The Tituses supported Humphrey, putting them in the minority of white Southerners, who to this day have abandoned Democrats because of the likes of Humphrey.
“It was a tumultuous time,” she said.
By all accounts, though, Tifton was fairly progressive in its move toward integration. “We all knew about the school ruling,” Mixon said, referring to Brown v. Board of Education, the 1954 U.S. Supreme Court decision that declared the system of “separate but equal” schools for the races unconstitutional.
The School Board foresaw that it would lead to mandatory integration and believed “it’s the right thing to do, so let’s set about doing it peaceably,” Mixon said.
Mixon credited enlightened leaders: “Most of them were regular people who believed in treating people as they themselves would like to be treated.”
She told the story of black residents going into the white library. “The little librarian, a sweet little lady, she knows the law and calls the Sheriff. She told the Sheriff that colored people, as they were then called, were in the library. She asked what she should do. The Sheriff said, ‘Check them out a book.’ And she did.”
Roosevelt Russell Sr. was the first black elected to the Tifton City Council. That was in 1998. (The city is nearly one-fourth black.) His son was the first black student at what he called a “regular school.”
Russell confirmed the accounts of white residents. “There was opposition, and still is, but the school was integrated without a big disturbance.”
Although there was racial strife in nearby Albany, where King marched, Russell explained, “Here it may be we had some people who could see farther about what tomorrow will bring.”
Tifton is still not free of racism, he said. He didn’t know Titus, but said that “she wouldn’t be a bad girl, growing up here.”
And while blacks such as Russell had to overcome racial prejudice, Titus had to overcome the still prevalent attitudes about women being fragile or unfit for the serious jobs held by men.
“It was bridge club and tea parties,” Titus quipped.
The names of Titus and her sister Rho Hudson are derived from a family name, but they’re named after family men.
Still, Titus and Hudson credited their parents with instilling good values. The rules: no prejudice, and get an education. “I was taught I had the opportunity to make the choice” to be a career-minded woman, Titus said.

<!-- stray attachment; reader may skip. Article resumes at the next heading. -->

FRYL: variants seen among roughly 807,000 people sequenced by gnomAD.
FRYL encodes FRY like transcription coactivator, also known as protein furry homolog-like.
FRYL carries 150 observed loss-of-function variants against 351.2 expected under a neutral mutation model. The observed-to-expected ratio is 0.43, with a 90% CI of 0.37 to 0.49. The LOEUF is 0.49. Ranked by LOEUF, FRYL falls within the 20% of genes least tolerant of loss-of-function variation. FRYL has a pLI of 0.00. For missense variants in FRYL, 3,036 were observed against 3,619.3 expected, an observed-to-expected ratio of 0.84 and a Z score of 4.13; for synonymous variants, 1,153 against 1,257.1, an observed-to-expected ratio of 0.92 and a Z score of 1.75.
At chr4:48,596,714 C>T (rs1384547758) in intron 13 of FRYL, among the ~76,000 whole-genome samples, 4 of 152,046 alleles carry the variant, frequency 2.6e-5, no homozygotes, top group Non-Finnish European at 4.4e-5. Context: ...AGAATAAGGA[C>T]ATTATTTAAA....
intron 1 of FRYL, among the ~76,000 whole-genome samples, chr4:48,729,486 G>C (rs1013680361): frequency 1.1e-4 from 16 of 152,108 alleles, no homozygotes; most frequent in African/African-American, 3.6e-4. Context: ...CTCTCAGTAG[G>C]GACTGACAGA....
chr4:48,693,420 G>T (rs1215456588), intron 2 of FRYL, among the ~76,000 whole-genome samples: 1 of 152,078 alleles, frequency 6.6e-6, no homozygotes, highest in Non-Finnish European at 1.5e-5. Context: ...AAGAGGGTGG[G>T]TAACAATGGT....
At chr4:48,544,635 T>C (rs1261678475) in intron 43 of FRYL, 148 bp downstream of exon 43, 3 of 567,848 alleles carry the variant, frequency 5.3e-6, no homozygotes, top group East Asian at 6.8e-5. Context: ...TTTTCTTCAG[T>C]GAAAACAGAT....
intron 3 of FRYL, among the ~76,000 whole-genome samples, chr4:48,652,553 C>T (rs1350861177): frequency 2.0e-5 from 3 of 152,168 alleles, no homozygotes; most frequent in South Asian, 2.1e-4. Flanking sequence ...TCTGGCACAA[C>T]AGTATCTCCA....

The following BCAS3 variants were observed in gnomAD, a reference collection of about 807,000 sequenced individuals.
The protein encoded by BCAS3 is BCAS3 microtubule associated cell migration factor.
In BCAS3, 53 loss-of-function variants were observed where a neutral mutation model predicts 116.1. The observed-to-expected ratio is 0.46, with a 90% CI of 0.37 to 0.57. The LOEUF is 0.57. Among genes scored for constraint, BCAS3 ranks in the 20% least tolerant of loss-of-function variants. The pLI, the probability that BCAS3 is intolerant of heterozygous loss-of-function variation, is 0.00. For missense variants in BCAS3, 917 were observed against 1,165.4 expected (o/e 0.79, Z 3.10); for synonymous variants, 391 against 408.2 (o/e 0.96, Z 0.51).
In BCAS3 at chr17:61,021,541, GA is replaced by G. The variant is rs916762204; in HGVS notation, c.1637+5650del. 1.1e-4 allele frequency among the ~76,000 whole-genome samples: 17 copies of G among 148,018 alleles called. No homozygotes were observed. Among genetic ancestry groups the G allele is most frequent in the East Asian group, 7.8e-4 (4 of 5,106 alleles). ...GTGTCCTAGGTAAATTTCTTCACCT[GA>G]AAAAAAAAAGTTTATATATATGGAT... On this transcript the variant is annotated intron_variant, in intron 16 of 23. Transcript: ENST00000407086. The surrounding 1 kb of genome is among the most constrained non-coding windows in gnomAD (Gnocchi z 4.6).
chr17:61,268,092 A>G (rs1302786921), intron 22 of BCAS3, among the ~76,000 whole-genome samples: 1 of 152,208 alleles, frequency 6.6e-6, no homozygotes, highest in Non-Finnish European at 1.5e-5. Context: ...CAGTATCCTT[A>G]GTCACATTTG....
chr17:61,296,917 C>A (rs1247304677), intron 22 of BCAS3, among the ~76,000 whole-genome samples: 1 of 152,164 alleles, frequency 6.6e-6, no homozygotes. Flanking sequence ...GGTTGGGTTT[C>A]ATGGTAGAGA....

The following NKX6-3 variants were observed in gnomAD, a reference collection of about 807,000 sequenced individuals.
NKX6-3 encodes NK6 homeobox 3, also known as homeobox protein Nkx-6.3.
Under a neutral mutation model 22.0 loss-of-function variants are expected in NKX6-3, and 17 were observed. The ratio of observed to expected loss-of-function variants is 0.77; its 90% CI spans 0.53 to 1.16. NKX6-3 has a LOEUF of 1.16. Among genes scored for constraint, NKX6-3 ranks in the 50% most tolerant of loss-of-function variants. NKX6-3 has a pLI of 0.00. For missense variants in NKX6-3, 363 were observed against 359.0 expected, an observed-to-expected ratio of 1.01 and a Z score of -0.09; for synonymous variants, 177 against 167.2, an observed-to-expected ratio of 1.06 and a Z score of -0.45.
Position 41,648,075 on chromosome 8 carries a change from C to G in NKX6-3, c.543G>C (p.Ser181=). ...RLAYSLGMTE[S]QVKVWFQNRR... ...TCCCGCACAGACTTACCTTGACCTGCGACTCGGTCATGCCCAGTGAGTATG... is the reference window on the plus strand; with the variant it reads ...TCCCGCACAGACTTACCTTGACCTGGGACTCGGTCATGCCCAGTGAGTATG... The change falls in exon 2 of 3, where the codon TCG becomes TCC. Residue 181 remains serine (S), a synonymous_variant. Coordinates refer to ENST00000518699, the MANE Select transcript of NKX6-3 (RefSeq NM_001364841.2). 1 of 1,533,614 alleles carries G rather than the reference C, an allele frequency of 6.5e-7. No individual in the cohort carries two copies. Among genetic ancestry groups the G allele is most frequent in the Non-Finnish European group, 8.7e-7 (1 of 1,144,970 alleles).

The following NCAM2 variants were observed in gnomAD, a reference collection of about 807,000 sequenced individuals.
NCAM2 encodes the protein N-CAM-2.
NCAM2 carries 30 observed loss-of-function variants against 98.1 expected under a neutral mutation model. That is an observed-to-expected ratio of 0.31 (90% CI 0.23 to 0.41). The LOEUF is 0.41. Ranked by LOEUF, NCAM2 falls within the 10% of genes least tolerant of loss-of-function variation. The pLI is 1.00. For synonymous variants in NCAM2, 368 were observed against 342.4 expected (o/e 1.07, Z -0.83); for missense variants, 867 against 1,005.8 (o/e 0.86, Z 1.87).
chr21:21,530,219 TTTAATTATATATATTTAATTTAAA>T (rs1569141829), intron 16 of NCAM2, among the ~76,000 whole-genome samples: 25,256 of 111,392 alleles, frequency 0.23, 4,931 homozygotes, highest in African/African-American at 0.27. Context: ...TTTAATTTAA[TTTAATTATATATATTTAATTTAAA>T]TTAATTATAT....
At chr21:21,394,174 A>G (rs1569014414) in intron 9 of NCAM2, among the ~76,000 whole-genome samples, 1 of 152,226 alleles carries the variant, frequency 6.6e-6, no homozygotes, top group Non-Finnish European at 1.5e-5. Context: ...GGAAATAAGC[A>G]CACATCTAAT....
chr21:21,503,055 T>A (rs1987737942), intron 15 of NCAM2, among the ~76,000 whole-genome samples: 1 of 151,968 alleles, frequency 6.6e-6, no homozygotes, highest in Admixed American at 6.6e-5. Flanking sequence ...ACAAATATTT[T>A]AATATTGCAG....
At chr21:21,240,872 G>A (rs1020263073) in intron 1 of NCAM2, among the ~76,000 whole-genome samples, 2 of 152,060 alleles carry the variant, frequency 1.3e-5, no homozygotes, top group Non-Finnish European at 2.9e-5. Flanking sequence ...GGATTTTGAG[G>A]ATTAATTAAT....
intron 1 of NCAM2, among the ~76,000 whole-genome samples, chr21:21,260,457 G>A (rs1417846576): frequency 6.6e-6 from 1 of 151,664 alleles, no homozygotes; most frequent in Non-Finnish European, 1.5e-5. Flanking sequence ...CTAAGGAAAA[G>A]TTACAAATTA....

They took trips around the country. “I had a sense there was more out there.”
Her father promised the Oldsmobile dealer in town, who was also on the School Board, that he would buy an Oldsmobile if the dealer/School Board member would get Titus her high school diploma early. No one saw much point in the young whiz kid staying in high school any longer. “He bought that Olds. I never got the diploma,” Titus said.
Titus skipped her senior year and went to a little Bible college in 1967 for a year before transferring to the place she’d planned to go all along, the prestigious College of William & Mary in Virginia. And so there she was, in the Sir Christopher Wren building, where Thomas Jefferson studied.
But just as the South was grudgingly accepting equality for blacks and women, America found itself again bitterly divided, now over the Vietnam War. In college, Titus said, “I remember hearing them call the numbers on the radio,” referring to the military draft lottery. She graduated in 1970 and at 25 earned a Ph.D. in political science from Florida State University. Like so many of her generation, she would heed Horace Greeley’s words and go west, becoming a young professor at UNLV.
To this day, she misses Georgia — the slow pace, the way everyone knows everyone and helps everyone. And the boiled peanuts, or, as it sounds with the Titus drawl, “balled peanuts.”
But she never considered returning to Georgia. “I could never have accomplished there what I’ve accomplished here.”